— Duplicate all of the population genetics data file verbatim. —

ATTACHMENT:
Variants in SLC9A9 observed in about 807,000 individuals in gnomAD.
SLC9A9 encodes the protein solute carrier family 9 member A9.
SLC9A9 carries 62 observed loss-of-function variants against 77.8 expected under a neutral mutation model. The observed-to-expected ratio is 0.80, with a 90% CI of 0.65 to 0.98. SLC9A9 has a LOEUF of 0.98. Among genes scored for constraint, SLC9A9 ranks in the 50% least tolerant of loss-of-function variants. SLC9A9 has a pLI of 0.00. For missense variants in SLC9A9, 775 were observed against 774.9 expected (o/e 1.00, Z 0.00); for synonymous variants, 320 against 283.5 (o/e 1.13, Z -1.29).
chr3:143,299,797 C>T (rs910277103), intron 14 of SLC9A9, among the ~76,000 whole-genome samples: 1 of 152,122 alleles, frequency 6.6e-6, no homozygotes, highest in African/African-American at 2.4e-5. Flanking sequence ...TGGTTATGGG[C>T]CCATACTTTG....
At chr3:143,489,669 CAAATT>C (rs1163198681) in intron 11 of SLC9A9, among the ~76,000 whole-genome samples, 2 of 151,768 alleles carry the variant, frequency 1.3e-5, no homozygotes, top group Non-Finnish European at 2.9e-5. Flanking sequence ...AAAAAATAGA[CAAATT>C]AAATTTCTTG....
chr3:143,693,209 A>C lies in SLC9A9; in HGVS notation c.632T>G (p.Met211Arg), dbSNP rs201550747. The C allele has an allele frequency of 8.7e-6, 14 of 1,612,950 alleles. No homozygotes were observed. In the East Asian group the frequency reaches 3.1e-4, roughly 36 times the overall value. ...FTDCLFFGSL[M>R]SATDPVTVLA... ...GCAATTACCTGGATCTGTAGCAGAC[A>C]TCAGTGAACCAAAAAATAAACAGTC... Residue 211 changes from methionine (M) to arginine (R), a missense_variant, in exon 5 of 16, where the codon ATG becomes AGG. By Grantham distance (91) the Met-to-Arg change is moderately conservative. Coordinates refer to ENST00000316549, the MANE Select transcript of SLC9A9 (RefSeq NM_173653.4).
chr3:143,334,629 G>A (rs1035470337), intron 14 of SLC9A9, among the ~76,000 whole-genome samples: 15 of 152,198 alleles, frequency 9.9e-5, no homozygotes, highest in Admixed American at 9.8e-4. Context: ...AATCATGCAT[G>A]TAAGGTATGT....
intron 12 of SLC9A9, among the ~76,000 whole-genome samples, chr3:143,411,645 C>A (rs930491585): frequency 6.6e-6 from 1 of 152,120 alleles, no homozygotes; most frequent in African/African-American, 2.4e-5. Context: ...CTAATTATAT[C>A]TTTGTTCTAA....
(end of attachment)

Variants in SLC9A9 observed in about 807,000 individuals in gnomAD.
SLC9A9 encodes the protein solute carrier family 9 member A9.
SLC9A9 carries 62 observed loss-of-function variants against 77.8 expected under a neutral mutation model. The observed-to-expected ratio is 0.80, with a 90% CI of 0.65 to 0.98. SLC9A9 has a LOEUF of 0.98. Among genes scored for constraint, SLC9A9 ranks in the 50% least tolerant of loss-of-function variants. SLC9A9 has a pLI of 0.00. For missense variants in SLC9A9, 775 were observed against 774.9 expected (o/e 1.00, Z 0.00); for synonymous variants, 320 against 283.5 (o/e 1.13, Z -1.29).
chr3:143,299,797 C>T (rs910277103), intron 14 of SLC9A9, among the ~76,000 whole-genome samples: 1 of 152,122 alleles, frequency 6.6e-6, no homozygotes, highest in African/African-American at 2.4e-5. Flanking sequence ...TGGTTATGGG[C>T]CCATACTTTG....
At chr3:143,489,669 CAAATT>C (rs1163198681) in intron 11 of SLC9A9, among the ~76,000 whole-genome samples, 2 of 151,768 alleles carry the variant, frequency 1.3e-5, no homozygotes, top group Non-Finnish European at 2.9e-5. Flanking sequence ...AAAAAATAGA[CAAATT>C]AAATTTCTTG....
chr3:143,693,209 A>C lies in SLC9A9; in HGVS notation c.632T>G (p.Met211Arg), dbSNP rs201550747. The C allele has an allele frequency of 8.7e-6, 14 of 1,612,950 alleles. No homozygotes were observed. In the East Asian group the frequency reaches 3.1e-4, roughly 36 times the overall value. ...FTDCLFFGSL[M>R]SATDPVTVLA... ...GCAATTACCTGGATCTGTAGCAGAC[A>C]TCAGTGAACCAAAAAATAAACAGTC... Residue 211 changes from methionine (M) to arginine (R), a missense_variant, in exon 5 of 16, where the codon ATG becomes AGG. By Grantham distance (91) the Met-to-Arg change is moderately conservative. Coordinates refer to ENST00000316549, the MANE Select transcript of SLC9A9 (RefSeq NM_173653.4).
chr3:143,334,629 G>A (rs1035470337), intron 14 of SLC9A9, among the ~76,000 whole-genome samples: 15 of 152,198 alleles, frequency 9.9e-5, no homozygotes, highest in Admixed American at 9.8e-4. Context: ...AATCATGCAT[G>A]TAAGGTATGT....
intron 12 of SLC9A9, among the ~76,000 whole-genome samples, chr3:143,411,645 C>A (rs930491585): frequency 6.6e-6 from 1 of 152,120 alleles, no homozygotes; most frequent in African/African-American, 2.4e-5. Context: ...CTAATTATAT[C>A]TTTGTTCTAA....